(based on CT imaging performed every two to three cycles) and the clinical status of the patient. Some criteria

that we use to define disease progression include any of the following:

Role of CA-125 monitoring — As in the adjuvant setting, the data do not support the routine monitoring of

serum CA-125 for women with recurrent or metastatic endometrial cancer. However, in patients whose disease

was marked by an elevated CA-125, it may be reasonable to use this as a marker of disease activity alongside

imaging and/or clinical examination. (See "Overview of approach to endometrial cancer survivors", section on

'Follow-up post-treatment'.)

SUMMARY AND RECOMMENDATIONS

Isolated vaginal recurrence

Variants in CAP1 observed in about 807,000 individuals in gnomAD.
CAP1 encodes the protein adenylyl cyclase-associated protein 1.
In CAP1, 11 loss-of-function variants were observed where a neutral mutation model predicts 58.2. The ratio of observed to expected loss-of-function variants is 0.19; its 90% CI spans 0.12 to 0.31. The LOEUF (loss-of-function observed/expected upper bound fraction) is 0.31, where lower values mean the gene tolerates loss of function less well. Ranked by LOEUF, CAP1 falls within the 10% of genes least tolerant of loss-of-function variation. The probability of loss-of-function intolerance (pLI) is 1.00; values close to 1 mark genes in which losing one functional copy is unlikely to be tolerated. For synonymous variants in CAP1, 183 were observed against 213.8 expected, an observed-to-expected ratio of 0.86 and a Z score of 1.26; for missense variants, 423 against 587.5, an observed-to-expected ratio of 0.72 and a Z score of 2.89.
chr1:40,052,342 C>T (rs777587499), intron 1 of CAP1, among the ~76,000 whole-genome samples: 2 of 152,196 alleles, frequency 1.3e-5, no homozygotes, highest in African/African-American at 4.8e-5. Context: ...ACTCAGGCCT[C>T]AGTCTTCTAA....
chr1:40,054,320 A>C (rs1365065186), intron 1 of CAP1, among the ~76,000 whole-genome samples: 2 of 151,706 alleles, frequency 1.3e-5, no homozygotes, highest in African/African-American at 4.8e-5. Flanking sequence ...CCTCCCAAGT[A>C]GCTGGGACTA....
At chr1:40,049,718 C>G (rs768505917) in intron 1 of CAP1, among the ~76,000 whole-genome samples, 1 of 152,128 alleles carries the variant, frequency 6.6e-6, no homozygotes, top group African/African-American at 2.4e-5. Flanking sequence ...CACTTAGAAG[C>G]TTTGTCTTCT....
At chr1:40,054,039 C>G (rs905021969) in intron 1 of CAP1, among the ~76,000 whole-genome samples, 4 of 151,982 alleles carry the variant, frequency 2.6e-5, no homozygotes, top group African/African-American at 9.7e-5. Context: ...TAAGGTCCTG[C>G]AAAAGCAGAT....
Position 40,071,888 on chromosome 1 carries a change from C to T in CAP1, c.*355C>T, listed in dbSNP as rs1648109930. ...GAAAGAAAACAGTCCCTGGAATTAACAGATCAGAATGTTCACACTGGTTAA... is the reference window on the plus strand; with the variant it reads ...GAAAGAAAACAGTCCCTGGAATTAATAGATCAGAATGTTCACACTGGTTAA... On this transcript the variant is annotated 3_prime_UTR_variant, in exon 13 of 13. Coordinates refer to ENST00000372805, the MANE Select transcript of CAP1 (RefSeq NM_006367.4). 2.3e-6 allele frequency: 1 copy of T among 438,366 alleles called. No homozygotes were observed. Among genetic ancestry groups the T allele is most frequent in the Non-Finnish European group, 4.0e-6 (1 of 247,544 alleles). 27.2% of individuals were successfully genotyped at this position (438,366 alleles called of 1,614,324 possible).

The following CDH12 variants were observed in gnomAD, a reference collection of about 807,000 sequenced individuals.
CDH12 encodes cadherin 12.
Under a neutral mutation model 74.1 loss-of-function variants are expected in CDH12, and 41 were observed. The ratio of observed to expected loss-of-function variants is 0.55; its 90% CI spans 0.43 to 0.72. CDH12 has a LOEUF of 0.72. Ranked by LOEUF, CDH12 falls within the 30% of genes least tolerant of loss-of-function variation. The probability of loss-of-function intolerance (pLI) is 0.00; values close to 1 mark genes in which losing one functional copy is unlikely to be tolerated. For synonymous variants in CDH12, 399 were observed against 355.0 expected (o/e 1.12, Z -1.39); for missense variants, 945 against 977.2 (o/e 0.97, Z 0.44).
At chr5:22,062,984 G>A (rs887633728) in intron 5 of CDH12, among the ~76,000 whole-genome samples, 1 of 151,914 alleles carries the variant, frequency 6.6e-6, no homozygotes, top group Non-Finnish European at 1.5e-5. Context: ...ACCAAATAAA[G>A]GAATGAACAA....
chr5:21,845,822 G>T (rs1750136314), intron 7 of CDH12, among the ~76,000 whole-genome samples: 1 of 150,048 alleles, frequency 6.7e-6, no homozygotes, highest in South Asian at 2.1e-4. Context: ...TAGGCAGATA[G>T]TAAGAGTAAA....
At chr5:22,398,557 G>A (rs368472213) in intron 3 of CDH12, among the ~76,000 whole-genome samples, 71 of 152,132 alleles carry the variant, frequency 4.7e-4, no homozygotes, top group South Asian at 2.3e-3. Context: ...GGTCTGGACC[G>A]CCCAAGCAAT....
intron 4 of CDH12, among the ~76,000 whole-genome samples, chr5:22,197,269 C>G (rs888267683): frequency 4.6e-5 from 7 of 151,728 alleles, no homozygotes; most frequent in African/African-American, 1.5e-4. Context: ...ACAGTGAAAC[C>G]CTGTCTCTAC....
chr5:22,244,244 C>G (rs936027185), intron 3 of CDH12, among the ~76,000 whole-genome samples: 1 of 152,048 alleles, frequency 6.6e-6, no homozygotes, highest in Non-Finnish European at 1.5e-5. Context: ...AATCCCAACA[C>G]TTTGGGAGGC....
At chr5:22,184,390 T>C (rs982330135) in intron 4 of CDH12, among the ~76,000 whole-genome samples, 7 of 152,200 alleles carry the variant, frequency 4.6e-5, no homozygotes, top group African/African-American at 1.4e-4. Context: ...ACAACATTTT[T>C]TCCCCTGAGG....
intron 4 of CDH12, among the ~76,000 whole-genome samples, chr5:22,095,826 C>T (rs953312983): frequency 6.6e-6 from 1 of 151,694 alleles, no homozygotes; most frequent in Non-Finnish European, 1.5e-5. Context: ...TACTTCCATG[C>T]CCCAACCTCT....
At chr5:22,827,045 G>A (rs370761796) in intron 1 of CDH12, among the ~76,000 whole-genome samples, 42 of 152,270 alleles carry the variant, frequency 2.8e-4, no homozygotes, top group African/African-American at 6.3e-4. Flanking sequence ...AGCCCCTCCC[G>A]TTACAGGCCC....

A 20 percent or more increase in the sum of measurable lesions compared with the smallest sum previously

recorded

● The evolution of any new lesions

Worsening of the overall tumor burden (even if the sum of measurable lesions alone meets criteria for a

partial response or stable disease)

Clinical deterioration during treatment (ie, increasing disease related symptoms, declining performance

status)

● Evolution of new metastases

● Increasing size of previously documented metastatic lesions

Recurrent endometrial cancer presents with different patterns, including disease localized to the vagina,

pelvis, or as metastatic disease. In addition, some women may present with de novo (stage IV) metastatic

disease. Although the prognosis for the vast majority is poor, carefully selected patients can be cured with

an aggressive locoregional approach. (See 'Introduction' above.)

For women with an isolated vaginal recurrence who were not previously treated with RT, we suggest RT

rather than surgery (Grade 2C). For women who decline RT or are not candidates for RT, surgical resection